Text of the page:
Oregon president says Pac-12′s decision to play football isn’t about money. Athletic department deficits say otherwise.

Pac-12 commissioner Larry Scott has maintained for months that decision-making as it relates to the COVID-19 pandemic will be done based on science on data.

The league took the advice of the Pac-12 Medical Advisory Board when it decided on Aug. 11 to postpone all sports until at least Jan. 1. It cited an improved outlook on Sept. 24 when announcing it would press forward with a seven-game regular season.

In between listening to the doctors, the decision to play football in the fall had to be, on some level, based on money. The very core of that thinking is based on what athletic departments across the Pac-12 are dealing with.

Utah athletic director Mark Harlan has projected an operating-budget deficit between $50-60 million. Oregon is reportedly looking at between $50-80 million. Washington, $70 million. Arizona, $60-65 million, and all through the Pac-12, similar figures are being tossed around.

Playing football, appearing on television, and satisfying the parameters of media rights agreements will help alleviate the budget deficits.

To say money did not play any role in the Pac-12′s decision to play football this fall can be construed as disingenuous, but that is what Oregon president Michael Schill wants people to believe.

“Let me just say one thing it was not about,” Schill said on a Sept. 24 Zoom call put on by the Pac-12, which included Scott, Arizona State athletic director Ray Anderson, and Oregon State’s Dr. Doug Aukerman. “The media sometimes talks about, or social media sometimes talks about that the conference is doing things because of money. This has nothing to do with money. It was never once mentioned as a consideration.”

Before Schill made that unprompted statement, he spoke of how the presidents and chancellors had a robust discussion earlier that afternoon about the pros and cons of playing football in the fall vs. starting in January, with the consensus ultimately siding with the former.

With the rest of the Power Five already playing (ACC, Big 12, SEC) or planning to play in the fall (Big Ten), the Pac-12 had little choice but to play in the fall. The Pac-12 receives $66 million annually in College Football Playoff money, plus $6 million if a team plays in a CFP semifinal, and $4 million if anyone plays in New Year’s Six bowl.

With everyone else of consequence playing in the fall, those types of financial opportunities were unlikely to exist with a winter start. Science and data may have steered the decision-making, but financial matters were not merely cast aside.

In the wake of Harlan’s projection, he has instituted an athletic department-wide furlough system, while layoffs have also occurred in his department. While that furlough system will be altered with football being played, Harlan was clear on a Sept. 25 Zoom call that furloughs will continue in an effort to stay the course and remain within his projected budget.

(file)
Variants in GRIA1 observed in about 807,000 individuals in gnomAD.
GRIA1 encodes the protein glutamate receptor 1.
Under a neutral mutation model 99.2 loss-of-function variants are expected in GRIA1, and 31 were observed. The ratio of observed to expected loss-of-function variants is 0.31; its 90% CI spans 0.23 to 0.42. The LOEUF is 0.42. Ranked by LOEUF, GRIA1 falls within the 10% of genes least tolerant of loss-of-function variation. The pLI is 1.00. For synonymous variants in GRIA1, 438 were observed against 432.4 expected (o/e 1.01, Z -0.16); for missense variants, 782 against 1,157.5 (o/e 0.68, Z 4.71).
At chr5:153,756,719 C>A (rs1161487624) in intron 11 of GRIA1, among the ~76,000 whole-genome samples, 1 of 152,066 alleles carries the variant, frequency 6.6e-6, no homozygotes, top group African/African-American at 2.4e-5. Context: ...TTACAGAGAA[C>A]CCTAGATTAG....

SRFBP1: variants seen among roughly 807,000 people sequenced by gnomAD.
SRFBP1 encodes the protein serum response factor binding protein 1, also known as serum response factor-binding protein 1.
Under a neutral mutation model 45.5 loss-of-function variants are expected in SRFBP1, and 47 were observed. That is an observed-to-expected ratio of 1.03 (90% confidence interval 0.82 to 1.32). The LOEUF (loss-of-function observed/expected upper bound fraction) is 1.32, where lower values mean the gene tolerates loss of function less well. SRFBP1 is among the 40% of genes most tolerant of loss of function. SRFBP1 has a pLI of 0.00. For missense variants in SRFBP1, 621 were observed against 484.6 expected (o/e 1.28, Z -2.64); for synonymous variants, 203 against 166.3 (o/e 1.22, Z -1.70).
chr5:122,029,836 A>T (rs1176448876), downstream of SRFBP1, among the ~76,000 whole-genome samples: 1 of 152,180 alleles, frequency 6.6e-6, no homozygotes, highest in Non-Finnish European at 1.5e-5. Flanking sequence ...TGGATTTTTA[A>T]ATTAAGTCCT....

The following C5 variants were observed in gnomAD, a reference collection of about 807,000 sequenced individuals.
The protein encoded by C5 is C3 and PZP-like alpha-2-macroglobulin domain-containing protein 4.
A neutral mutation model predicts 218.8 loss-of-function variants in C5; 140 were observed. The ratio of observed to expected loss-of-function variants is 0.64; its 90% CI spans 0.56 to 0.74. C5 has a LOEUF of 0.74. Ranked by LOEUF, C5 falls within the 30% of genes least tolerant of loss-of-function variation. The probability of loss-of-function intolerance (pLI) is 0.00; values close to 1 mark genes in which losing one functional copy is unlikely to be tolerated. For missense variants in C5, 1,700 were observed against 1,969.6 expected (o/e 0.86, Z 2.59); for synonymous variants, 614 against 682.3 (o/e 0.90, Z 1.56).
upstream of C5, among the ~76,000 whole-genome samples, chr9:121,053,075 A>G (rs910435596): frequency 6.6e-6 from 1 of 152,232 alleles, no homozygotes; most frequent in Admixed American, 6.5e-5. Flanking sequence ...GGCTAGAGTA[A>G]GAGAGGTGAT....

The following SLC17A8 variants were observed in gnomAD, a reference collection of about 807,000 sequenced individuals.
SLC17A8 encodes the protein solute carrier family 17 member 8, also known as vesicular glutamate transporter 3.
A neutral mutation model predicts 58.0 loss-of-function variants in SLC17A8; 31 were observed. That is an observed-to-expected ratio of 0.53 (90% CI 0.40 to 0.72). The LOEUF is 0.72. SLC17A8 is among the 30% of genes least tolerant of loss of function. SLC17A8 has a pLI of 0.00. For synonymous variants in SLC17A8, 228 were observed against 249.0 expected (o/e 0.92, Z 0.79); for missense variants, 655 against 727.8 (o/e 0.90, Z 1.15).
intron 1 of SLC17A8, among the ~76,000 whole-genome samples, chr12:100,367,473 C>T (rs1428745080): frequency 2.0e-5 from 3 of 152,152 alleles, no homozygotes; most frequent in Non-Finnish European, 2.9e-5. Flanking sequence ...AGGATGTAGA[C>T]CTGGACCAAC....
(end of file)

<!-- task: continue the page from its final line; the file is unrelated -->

Harlan, like Scott, has been a loud supporter of science, data and listening to doctors as he has shepherded Utah through the pandemic. On that Zoom call, Harlan remained adamant that the Pac-12 doctors, not to mention the lack of adequate testing, drove the decision to postpone last month. He also noted that the doctors restating their position, plus the Quidel deal, helped bring football back.

Harlan did not harp on money, but he is not naive, so in between all that, he was at least willing to indicate what Schill wouldn’t. The economics of a Power Five athletic department are directly dependent upon playing football.

“We know we’re still dealing with significant financial challenges despite yesterday’s announcement, but obviously, we have a chance to have more revenue than maybe we would have thought a few weeks ago,” Harlan said. “Certainly, depending on how many games are played throughout this ’20 season, we’ll know at the end how much revenue that brings in from a television standpoint. There’s a contractual amount of games that goes into that, so we’ll wait and see when the dust clears how many games we get in.”

Harlan said Sept. 11 on an in-house podcast that his operating budget has been brought down to a point where the athletic department can work with central campus to obtain a loan to get through the rest of the fiscal year. With football coming back, it is unclear if the athletic department will still seek the loan, but there is a lot of traditional revenue that will not be made up.

For fiscal 2019, which included the 2018 football season, almost 25% of football-related revenue was tied to ticket sales. There will be no fans allowed at Pac-12 games this fall, a byproduct of the pandemic.

Whether or not the Pac-12 and its members can satisfy its media partners by playing enough games remains to be seen, but that payout to the athletic department accounts for roughly $30 million in a normal year.

Schill’s athletic department is in worse shape, with a projected deficit reportedly reaching towards $80 million. In fiscal 2019, Oregon football raked in nearly $20 million in ticket sales, another $20 million in media rights, and roughly $16 million in donations.

“We didn’t say back then, ‘We’re going to lose $60 million, we can’t do this,’” Harlan said. “It was straight up from the medical recommendations to the ADs and the coaches, the presidents and chancellors. A byproduct of that, of course, is that we can now put our games on television that will allow some revenue to come into the organization.”